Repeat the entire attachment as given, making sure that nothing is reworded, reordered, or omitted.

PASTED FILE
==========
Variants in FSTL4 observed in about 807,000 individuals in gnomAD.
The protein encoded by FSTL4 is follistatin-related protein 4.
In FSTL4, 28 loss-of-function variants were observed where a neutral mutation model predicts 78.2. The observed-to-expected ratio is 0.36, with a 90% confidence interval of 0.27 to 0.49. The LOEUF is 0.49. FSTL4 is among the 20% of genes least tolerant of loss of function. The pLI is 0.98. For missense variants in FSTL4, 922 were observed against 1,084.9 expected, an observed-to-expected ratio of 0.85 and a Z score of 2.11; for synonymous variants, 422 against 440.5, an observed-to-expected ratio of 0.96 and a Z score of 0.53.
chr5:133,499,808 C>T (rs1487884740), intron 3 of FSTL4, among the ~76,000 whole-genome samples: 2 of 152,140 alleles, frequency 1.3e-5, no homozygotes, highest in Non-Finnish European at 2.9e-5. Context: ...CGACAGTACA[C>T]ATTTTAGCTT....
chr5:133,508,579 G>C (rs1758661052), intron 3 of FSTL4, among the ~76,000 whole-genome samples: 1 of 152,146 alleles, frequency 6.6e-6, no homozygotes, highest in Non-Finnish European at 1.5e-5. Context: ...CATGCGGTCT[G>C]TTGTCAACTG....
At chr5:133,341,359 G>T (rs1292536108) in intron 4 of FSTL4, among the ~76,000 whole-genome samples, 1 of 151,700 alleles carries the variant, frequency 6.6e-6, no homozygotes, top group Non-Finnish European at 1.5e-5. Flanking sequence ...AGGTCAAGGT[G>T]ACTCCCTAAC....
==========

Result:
Variants in FSTL4 observed in about 807,000 individuals in gnomAD.
The protein encoded by FSTL4 is follistatin-related protein 4.
In FSTL4, 28 loss-of-function variants were observed where a neutral mutation model predicts 78.2. The observed-to-expected ratio is 0.36, with a 90% confidence interval of 0.27 to 0.49. The LOEUF is 0.49. FSTL4 is among the 20% of genes least tolerant of loss of function. The pLI is 0.98. For missense variants in FSTL4, 922 were observed against 1,084.9 expected, an observed-to-expected ratio of 0.85 and a Z score of 2.11; for synonymous variants, 422 against 440.5, an observed-to-expected ratio of 0.96 and a Z score of 0.53.
chr5:133,499,808 C>T (rs1487884740), intron 3 of FSTL4, among the ~76,000 whole-genome samples: 2 of 152,140 alleles, frequency 1.3e-5, no homozygotes, highest in Non-Finnish European at 2.9e-5. Context: ...CGACAGTACA[C>T]ATTTTAGCTT....
chr5:133,508,579 G>C (rs1758661052), intron 3 of FSTL4, among the ~76,000 whole-genome samples: 1 of 152,146 alleles, frequency 6.6e-6, no homozygotes, highest in Non-Finnish European at 1.5e-5. Context: ...CATGCGGTCT[G>C]TTGTCAACTG....
At chr5:133,341,359 G>T (rs1292536108) in intron 4 of FSTL4, among the ~76,000 whole-genome samples, 1 of 151,700 alleles carries the variant, frequency 6.6e-6, no homozygotes, top group Non-Finnish European at 1.5e-5. Flanking sequence ...AGGTCAAGGT[G>T]ACTCCCTAAC....